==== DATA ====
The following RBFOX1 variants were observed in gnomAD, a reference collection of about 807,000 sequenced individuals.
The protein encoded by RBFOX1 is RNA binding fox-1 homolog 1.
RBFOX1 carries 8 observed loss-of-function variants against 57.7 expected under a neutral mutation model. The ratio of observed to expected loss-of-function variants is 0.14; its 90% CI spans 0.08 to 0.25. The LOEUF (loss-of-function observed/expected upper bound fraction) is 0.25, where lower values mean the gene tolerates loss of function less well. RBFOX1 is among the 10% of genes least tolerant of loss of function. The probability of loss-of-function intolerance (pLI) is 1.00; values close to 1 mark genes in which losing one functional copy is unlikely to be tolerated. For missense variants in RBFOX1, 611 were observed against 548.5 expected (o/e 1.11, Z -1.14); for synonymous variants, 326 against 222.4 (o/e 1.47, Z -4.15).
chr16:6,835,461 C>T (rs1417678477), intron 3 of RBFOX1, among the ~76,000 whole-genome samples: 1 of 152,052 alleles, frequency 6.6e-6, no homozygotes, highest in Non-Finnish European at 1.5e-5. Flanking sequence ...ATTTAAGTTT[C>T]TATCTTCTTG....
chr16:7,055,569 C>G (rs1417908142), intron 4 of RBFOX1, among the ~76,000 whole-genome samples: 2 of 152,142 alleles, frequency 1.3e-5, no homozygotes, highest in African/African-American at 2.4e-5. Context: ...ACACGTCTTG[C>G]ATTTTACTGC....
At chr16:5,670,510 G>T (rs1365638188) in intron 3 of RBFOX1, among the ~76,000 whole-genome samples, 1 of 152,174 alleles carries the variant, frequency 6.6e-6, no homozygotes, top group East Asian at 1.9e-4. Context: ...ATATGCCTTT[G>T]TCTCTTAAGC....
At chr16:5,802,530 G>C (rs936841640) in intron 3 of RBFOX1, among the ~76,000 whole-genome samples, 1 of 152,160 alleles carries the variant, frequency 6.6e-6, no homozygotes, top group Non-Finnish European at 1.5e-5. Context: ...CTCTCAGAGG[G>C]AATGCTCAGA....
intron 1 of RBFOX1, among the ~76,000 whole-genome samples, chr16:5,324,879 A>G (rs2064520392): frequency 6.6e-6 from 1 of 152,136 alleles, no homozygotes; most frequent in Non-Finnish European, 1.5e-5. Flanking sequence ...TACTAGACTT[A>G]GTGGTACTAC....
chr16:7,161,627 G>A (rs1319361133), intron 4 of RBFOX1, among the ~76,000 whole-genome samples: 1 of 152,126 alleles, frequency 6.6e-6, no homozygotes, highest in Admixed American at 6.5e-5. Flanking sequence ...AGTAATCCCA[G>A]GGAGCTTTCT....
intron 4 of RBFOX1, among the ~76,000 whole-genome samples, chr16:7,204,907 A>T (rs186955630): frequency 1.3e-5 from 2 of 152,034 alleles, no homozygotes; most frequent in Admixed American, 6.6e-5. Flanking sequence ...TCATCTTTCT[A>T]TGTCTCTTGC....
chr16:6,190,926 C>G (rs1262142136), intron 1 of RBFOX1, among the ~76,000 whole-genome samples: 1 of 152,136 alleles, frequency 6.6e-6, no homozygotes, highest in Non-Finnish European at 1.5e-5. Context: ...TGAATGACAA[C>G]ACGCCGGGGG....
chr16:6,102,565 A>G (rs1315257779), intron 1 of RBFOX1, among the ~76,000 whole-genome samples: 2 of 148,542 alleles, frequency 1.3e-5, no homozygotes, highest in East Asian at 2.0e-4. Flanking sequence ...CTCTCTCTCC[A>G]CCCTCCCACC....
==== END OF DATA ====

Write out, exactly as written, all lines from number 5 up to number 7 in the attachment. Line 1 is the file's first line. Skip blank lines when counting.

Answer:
chr16:7,055,569 C>G (rs1417908142), intron 4 of RBFOX1, among the ~76,000 whole-genome samples: 2 of 152,142 alleles, frequency 1.3e-5, no homozygotes, highest in African/African-American at 2.4e-5. Context: ...ACACGTCTTG[C>G]ATTTTACTGC....
At chr16:5,670,510 G>T (rs1365638188) in intron 3 of RBFOX1, among the ~76,000 whole-genome samples, 1 of 152,174 alleles carries the variant, frequency 6.6e-6, no homozygotes, top group East Asian at 1.9e-4. Context: ...ATATGCCTTT[G>T]TCTCTTAAGC....
At chr16:5,802,530 G>C (rs936841640) in intron 3 of RBFOX1, among the ~76,000 whole-genome samples, 1 of 152,160 alleles carries the variant, frequency 6.6e-6, no homozygotes, top group Non-Finnish European at 1.5e-5. Context: ...CTCTCAGAGG[G>C]AATGCTCAGA....